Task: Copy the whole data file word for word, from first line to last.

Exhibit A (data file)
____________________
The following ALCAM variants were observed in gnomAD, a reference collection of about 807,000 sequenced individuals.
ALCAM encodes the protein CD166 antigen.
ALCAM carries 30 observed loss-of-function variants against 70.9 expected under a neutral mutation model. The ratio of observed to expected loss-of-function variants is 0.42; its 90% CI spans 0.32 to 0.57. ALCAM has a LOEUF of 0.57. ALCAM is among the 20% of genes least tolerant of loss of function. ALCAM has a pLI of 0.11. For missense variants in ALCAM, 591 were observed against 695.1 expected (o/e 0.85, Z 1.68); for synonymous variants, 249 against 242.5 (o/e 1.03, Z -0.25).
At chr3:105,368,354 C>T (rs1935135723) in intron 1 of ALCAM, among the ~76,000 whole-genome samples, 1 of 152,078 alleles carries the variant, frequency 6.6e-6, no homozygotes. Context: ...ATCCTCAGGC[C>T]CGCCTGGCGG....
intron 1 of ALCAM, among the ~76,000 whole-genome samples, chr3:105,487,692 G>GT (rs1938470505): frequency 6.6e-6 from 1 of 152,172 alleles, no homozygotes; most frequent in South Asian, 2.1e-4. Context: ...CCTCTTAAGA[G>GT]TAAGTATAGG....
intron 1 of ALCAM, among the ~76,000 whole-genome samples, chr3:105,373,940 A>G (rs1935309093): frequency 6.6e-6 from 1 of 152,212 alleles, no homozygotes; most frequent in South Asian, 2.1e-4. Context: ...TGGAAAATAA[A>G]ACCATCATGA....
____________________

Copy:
The following ALCAM variants were observed in gnomAD, a reference collection of about 807,000 sequenced individuals.
ALCAM encodes the protein CD166 antigen.
ALCAM carries 30 observed loss-of-function variants against 70.9 expected under a neutral mutation model. The ratio of observed to expected loss-of-function variants is 0.42; its 90% CI spans 0.32 to 0.57. ALCAM has a LOEUF of 0.57. ALCAM is among the 20% of genes least tolerant of loss of function. ALCAM has a pLI of 0.11. For missense variants in ALCAM, 591 were observed against 695.1 expected (o/e 0.85, Z 1.68); for synonymous variants, 249 against 242.5 (o/e 1.03, Z -0.25).
At chr3:105,368,354 C>T (rs1935135723) in intron 1 of ALCAM, among the ~76,000 whole-genome samples, 1 of 152,078 alleles carries the variant, frequency 6.6e-6, no homozygotes. Context: ...ATCCTCAGGC[C>T]CGCCTGGCGG....
intron 1 of ALCAM, among the ~76,000 whole-genome samples, chr3:105,487,692 G>GT (rs1938470505): frequency 6.6e-6 from 1 of 152,172 alleles, no homozygotes; most frequent in South Asian, 2.1e-4. Context: ...CCTCTTAAGA[G>GT]TAAGTATAGG....
intron 1 of ALCAM, among the ~76,000 whole-genome samples, chr3:105,373,940 A>G (rs1935309093): frequency 6.6e-6 from 1 of 152,212 alleles, no homozygotes; most frequent in South Asian, 2.1e-4. Context: ...TGGAAAATAA[A>G]ACCATCATGA....